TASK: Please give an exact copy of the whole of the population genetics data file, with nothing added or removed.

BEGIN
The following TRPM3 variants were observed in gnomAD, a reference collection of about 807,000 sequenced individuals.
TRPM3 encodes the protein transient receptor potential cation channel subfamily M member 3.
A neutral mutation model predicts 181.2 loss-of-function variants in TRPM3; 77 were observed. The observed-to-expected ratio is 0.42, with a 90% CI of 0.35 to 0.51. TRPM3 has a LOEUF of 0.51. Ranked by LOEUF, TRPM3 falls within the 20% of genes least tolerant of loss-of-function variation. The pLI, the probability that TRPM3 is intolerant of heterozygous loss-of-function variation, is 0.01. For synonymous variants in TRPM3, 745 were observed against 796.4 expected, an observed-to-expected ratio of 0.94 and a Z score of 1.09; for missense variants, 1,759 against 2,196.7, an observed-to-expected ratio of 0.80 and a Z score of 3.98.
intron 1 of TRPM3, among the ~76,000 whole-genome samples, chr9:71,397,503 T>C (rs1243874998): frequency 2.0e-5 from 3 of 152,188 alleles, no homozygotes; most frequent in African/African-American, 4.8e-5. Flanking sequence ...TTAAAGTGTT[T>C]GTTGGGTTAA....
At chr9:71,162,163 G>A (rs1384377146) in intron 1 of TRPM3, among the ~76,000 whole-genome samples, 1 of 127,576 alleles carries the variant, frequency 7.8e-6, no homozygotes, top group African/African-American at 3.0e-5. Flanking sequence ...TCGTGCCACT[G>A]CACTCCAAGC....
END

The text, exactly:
The following TRPM3 variants were observed in gnomAD, a reference collection of about 807,000 sequenced individuals.
TRPM3 encodes the protein transient receptor potential cation channel subfamily M member 3.
A neutral mutation model predicts 181.2 loss-of-function variants in TRPM3; 77 were observed. The observed-to-expected ratio is 0.42, with a 90% CI of 0.35 to 0.51. TRPM3 has a LOEUF of 0.51. Ranked by LOEUF, TRPM3 falls within the 20% of genes least tolerant of loss-of-function variation. The pLI, the probability that TRPM3 is intolerant of heterozygous loss-of-function variation, is 0.01. For synonymous variants in TRPM3, 745 were observed against 796.4 expected, an observed-to-expected ratio of 0.94 and a Z score of 1.09; for missense variants, 1,759 against 2,196.7, an observed-to-expected ratio of 0.80 and a Z score of 3.98.
intron 1 of TRPM3, among the ~76,000 whole-genome samples, chr9:71,397,503 T>C (rs1243874998): frequency 2.0e-5 from 3 of 152,188 alleles, no homozygotes; most frequent in African/African-American, 4.8e-5. Flanking sequence ...TTAAAGTGTT[T>C]GTTGGGTTAA....
At chr9:71,162,163 G>A (rs1384377146) in intron 1 of TRPM3, among the ~76,000 whole-genome samples, 1 of 127,576 alleles carries the variant, frequency 7.8e-6, no homozygotes, top group African/African-American at 3.0e-5. Flanking sequence ...TCGTGCCACT[G>A]CACTCCAAGC....